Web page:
Abstract 253: Interruption of the TNFRSF4/TNFSF4 Ligand Pathway Attenuates Atherogenesis in LDL Receptor Deficient Mice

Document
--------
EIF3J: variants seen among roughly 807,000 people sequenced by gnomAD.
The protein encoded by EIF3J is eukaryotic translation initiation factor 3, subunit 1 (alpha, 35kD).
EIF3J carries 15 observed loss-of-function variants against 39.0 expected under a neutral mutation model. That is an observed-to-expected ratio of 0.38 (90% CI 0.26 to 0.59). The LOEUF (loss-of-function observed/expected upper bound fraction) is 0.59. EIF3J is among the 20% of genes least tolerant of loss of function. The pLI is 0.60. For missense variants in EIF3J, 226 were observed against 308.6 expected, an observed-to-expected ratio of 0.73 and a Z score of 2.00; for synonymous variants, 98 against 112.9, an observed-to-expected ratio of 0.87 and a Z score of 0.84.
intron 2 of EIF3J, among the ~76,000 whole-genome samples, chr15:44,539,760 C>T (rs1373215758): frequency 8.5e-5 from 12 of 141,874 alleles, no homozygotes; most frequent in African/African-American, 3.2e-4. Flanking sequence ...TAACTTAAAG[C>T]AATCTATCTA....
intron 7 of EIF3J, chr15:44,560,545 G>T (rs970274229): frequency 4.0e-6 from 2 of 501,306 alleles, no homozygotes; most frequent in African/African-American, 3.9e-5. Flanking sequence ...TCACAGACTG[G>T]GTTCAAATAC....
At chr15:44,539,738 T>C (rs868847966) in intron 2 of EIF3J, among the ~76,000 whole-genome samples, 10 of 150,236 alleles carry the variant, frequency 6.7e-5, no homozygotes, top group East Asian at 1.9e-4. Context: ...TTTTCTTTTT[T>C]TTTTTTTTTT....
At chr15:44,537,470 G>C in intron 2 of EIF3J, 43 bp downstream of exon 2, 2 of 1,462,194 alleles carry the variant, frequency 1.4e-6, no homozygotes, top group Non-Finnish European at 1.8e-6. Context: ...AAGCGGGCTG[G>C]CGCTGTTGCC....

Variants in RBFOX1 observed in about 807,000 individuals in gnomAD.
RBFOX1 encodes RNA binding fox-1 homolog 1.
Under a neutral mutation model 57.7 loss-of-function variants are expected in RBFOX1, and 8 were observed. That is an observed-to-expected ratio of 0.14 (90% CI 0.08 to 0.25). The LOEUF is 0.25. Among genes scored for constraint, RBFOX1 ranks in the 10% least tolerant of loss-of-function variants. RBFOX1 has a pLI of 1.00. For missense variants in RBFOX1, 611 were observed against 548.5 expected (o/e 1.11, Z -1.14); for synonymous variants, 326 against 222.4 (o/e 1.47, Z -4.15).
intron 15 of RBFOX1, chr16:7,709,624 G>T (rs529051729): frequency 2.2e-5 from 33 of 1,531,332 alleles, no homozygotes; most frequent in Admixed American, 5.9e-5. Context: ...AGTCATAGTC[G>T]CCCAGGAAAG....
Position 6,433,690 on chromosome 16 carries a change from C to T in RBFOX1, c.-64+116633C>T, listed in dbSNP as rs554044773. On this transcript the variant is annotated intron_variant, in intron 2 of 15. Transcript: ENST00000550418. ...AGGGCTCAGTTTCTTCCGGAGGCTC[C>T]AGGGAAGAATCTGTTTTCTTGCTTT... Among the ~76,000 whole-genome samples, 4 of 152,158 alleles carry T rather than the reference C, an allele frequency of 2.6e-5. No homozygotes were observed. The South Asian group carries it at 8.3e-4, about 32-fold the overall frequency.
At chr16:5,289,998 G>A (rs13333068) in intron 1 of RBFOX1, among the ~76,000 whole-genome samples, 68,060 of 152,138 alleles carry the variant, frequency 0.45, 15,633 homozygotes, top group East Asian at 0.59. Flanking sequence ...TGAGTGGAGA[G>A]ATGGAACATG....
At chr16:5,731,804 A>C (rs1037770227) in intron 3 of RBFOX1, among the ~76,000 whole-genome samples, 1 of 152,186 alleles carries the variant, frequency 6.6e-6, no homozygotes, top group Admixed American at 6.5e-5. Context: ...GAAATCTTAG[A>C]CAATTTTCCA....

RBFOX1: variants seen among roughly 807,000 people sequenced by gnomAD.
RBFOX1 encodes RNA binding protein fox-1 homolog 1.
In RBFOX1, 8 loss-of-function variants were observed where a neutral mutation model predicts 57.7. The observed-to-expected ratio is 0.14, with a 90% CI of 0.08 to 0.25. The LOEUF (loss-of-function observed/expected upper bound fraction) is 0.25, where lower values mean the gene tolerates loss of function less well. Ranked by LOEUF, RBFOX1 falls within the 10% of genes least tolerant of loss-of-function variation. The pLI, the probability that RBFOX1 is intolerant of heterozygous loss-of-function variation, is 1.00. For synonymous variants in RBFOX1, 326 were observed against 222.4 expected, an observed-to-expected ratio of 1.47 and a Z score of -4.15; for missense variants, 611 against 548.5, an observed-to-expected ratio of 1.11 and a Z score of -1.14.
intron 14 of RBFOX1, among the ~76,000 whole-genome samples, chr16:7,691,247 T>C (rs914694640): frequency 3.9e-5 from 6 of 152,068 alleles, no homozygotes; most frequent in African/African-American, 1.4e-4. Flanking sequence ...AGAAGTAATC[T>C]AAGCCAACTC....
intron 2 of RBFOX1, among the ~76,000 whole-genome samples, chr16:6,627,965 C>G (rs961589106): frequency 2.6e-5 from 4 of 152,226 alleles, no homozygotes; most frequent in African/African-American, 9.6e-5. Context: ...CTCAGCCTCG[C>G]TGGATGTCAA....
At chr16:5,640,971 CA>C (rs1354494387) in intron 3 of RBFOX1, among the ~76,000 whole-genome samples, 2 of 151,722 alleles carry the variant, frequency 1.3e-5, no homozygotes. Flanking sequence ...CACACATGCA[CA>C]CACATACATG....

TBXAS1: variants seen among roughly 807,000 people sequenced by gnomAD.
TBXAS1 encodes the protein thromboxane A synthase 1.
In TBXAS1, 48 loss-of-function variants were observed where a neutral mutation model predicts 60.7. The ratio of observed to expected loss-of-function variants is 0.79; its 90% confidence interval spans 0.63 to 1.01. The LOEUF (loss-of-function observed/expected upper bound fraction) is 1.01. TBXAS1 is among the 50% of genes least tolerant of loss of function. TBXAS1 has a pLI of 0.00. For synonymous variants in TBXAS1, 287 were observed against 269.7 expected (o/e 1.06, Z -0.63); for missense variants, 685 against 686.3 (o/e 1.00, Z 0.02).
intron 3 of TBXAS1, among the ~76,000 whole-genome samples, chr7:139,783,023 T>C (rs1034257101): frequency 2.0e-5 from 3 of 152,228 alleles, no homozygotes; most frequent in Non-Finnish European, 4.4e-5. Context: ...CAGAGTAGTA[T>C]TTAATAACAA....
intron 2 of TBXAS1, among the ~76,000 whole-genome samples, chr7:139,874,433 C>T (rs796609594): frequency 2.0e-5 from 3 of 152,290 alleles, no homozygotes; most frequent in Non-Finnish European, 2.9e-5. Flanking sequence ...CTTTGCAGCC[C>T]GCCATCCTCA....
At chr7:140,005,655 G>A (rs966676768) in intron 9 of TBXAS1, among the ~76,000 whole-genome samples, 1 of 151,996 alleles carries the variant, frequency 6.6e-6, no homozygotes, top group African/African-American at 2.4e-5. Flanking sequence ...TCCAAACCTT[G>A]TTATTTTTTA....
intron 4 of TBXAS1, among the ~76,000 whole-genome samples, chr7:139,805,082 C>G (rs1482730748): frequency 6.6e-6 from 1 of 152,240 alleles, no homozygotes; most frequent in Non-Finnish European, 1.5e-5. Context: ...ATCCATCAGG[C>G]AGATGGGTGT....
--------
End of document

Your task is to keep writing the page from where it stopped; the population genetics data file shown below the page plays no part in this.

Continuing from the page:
Atherosclerosis is a chronic (auto)-inflammatory disease in which T cell activation is an important factor. TNFRSF4 (CD134) and TNFSF4 (CD134L) are members of the TNF and TNF receptor family and the CD134/CD134L pathway is an important co-activator of T cells during immune responses, while activated CD134 positive T cells may enter the vessel wall via CD134L expressed by endothelial cells. Recently, CD134L was identified as the gene within the Ath1 QTL responsible for the atherosclerosis susceptibility of C57Bl6 mice. In the present study we assess the role of the CD134/ CD134L pathway in atherosclerosis and the effect of an CD134L blocking antibody on atherosclerosis. Analysis of the CD134 expression in the spleen of LDL receptor deficient (LDLr−/−) mice fed a Western type diet (0.25% cholesterol) showed that the CD134 mRNA levels were induced significantly 4.5-fold (p=0.03). This resulted in an 2.5 and 5-fold significant increase in CD134 expression on circulating CD4 and CD8 positive T cells as determined using FACS cytometry. Treatment of LDLr−/ − mice with an anti-CD134L antibody resulted in a 53% decrease in collar induced atherosclerotic lesion formation (p<0.01), without an effect on serum cholesterol levels. Anti-CD134L antibody treatment resulted in a significant 50% decrease in CD134 mRNA expression in the spleen as compared to control treated LDLr−/ − mice, indicating a reduction in splenic T cell activation upon blockade of the CD134/ CD134L interaction. We conclude that the induction of CD134 positive T cells during the course of atherosclerosis accelerates the process of atherosclerosis and interruption of the CD134/ CD134L pathway is a new target for the development of immunomodulatory drugs for the treatment of cardiovascular disease.